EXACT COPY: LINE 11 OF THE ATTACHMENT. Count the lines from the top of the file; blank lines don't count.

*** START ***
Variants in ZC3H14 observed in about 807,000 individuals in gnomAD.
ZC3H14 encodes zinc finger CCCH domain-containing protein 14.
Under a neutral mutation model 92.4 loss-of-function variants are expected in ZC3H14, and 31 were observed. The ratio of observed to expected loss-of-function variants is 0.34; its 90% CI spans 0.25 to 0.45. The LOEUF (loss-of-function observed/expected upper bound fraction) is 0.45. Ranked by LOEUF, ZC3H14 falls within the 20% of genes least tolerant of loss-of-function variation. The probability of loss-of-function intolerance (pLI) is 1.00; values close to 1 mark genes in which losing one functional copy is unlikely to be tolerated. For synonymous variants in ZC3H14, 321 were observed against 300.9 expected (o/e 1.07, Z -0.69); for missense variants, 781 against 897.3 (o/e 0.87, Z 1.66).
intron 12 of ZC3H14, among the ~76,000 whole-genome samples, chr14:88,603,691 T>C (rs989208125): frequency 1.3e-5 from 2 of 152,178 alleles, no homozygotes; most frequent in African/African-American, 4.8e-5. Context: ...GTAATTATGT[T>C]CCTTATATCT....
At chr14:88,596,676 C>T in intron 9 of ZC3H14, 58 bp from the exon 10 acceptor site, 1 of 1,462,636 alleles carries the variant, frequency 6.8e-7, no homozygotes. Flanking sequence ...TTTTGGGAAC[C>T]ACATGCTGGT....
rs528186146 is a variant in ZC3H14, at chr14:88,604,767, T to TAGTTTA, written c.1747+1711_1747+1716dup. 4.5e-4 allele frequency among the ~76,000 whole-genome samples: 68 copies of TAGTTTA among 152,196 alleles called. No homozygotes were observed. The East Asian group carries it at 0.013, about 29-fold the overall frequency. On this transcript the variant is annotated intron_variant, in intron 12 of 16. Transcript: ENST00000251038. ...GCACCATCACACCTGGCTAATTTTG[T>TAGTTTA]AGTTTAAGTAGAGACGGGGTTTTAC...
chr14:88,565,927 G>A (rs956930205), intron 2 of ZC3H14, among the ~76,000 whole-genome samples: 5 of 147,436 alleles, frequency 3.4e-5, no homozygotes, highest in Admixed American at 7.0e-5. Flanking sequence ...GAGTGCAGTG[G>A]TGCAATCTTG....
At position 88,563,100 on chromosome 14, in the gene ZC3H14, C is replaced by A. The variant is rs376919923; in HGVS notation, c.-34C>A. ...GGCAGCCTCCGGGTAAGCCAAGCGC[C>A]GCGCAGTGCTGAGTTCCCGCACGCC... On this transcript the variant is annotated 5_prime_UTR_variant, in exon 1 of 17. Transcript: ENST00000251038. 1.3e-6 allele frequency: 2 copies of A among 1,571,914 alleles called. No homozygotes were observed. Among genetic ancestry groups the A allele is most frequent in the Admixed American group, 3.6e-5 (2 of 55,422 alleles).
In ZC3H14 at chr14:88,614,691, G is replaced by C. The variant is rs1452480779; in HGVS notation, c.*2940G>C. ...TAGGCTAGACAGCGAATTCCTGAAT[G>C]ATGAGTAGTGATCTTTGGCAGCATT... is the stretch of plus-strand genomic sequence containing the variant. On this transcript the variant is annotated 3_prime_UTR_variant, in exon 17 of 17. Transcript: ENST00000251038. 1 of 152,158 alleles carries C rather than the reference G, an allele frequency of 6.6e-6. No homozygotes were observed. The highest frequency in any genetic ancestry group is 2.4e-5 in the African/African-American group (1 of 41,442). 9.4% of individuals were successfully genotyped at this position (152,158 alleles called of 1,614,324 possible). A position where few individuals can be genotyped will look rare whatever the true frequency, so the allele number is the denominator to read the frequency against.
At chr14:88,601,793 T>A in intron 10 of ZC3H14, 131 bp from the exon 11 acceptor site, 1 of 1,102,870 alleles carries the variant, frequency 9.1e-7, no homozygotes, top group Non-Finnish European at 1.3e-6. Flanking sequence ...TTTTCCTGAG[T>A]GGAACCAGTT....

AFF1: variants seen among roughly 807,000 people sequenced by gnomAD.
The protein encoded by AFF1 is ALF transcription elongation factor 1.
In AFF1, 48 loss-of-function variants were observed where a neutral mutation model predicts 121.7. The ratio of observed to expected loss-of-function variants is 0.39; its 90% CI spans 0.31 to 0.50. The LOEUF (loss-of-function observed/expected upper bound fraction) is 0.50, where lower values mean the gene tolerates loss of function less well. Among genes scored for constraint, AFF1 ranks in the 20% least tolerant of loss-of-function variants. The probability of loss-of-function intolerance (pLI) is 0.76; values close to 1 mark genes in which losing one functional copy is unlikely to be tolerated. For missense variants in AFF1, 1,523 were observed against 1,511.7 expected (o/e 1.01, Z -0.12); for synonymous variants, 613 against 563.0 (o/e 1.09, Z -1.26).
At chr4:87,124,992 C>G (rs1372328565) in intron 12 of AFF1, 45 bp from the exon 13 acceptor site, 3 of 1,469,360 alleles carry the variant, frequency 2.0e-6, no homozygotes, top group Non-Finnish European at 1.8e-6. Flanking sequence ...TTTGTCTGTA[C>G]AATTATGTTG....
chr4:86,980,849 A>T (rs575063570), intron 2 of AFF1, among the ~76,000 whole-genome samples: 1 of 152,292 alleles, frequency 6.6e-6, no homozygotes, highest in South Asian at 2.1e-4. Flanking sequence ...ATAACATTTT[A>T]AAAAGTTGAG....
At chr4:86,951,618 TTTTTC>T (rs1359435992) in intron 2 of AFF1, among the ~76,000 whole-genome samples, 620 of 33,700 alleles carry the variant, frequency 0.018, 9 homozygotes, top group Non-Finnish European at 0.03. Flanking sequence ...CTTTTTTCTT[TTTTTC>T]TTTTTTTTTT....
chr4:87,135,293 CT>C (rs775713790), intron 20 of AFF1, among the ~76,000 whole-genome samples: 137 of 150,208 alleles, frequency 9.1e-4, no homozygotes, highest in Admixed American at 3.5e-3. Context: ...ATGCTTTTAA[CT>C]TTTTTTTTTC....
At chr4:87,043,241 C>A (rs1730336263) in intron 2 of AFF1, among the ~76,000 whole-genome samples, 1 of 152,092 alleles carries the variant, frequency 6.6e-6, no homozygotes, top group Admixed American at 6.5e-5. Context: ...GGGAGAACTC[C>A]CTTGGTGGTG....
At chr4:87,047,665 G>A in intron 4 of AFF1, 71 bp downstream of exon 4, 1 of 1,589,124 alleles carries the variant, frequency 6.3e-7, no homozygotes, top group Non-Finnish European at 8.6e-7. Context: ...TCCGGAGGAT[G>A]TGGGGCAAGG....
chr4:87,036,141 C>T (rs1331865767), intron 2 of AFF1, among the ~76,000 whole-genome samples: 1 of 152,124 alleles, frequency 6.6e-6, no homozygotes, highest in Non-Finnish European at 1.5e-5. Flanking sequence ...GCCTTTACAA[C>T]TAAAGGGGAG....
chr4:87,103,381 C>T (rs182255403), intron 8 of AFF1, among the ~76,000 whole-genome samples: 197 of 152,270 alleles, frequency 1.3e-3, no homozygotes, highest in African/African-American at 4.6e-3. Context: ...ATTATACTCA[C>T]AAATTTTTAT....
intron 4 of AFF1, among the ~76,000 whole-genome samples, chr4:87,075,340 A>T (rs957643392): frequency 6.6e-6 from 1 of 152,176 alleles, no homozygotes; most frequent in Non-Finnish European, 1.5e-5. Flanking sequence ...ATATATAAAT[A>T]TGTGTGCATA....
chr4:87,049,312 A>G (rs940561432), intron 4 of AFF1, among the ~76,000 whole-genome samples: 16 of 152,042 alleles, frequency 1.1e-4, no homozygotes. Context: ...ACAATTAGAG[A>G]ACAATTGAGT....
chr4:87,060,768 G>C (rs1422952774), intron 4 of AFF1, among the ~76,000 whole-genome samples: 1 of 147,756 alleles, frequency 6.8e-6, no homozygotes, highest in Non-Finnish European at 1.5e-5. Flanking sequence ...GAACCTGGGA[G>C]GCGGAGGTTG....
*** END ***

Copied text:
AFF1: variants seen among roughly 807,000 people sequenced by gnomAD.